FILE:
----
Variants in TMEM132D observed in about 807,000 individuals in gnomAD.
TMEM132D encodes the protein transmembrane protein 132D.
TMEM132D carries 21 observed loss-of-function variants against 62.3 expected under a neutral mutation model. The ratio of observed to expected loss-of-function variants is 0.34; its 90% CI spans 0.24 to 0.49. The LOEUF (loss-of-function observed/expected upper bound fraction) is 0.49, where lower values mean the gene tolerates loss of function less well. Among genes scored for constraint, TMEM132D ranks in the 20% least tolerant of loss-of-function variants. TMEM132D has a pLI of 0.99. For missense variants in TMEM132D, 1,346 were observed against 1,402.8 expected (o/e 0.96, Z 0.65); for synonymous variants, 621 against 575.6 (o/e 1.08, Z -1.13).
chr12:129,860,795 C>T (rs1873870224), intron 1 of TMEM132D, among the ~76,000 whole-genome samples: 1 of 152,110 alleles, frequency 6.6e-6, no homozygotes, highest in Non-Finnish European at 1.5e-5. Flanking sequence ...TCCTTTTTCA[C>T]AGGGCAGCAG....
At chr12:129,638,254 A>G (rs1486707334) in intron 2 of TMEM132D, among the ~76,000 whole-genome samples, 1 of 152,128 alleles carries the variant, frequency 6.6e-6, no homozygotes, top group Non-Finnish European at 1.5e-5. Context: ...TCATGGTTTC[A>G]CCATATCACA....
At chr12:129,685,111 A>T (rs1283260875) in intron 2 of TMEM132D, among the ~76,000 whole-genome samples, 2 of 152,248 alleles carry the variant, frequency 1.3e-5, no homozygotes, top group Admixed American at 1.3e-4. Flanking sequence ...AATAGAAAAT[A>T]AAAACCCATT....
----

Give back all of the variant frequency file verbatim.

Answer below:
Variants in TMEM132D observed in about 807,000 individuals in gnomAD.
TMEM132D encodes the protein transmembrane protein 132D.
TMEM132D carries 21 observed loss-of-function variants against 62.3 expected under a neutral mutation model. The ratio of observed to expected loss-of-function variants is 0.34; its 90% CI spans 0.24 to 0.49. The LOEUF (loss-of-function observed/expected upper bound fraction) is 0.49, where lower values mean the gene tolerates loss of function less well. Among genes scored for constraint, TMEM132D ranks in the 20% least tolerant of loss-of-function variants. TMEM132D has a pLI of 0.99. For missense variants in TMEM132D, 1,346 were observed against 1,402.8 expected (o/e 0.96, Z 0.65); for synonymous variants, 621 against 575.6 (o/e 1.08, Z -1.13).
chr12:129,860,795 C>T (rs1873870224), intron 1 of TMEM132D, among the ~76,000 whole-genome samples: 1 of 152,110 alleles, frequency 6.6e-6, no homozygotes, highest in Non-Finnish European at 1.5e-5. Flanking sequence ...TCCTTTTTCA[C>T]AGGGCAGCAG....
At chr12:129,638,254 A>G (rs1486707334) in intron 2 of TMEM132D, among the ~76,000 whole-genome samples, 1 of 152,128 alleles carries the variant, frequency 6.6e-6, no homozygotes, top group Non-Finnish European at 1.5e-5. Context: ...TCATGGTTTC[A>G]CCATATCACA....
At chr12:129,685,111 A>T (rs1283260875) in intron 2 of TMEM132D, among the ~76,000 whole-genome samples, 2 of 152,248 alleles carry the variant, frequency 1.3e-5, no homozygotes, top group Admixed American at 1.3e-4. Flanking sequence ...AATAGAAAAT[A>T]AAAACCCATT....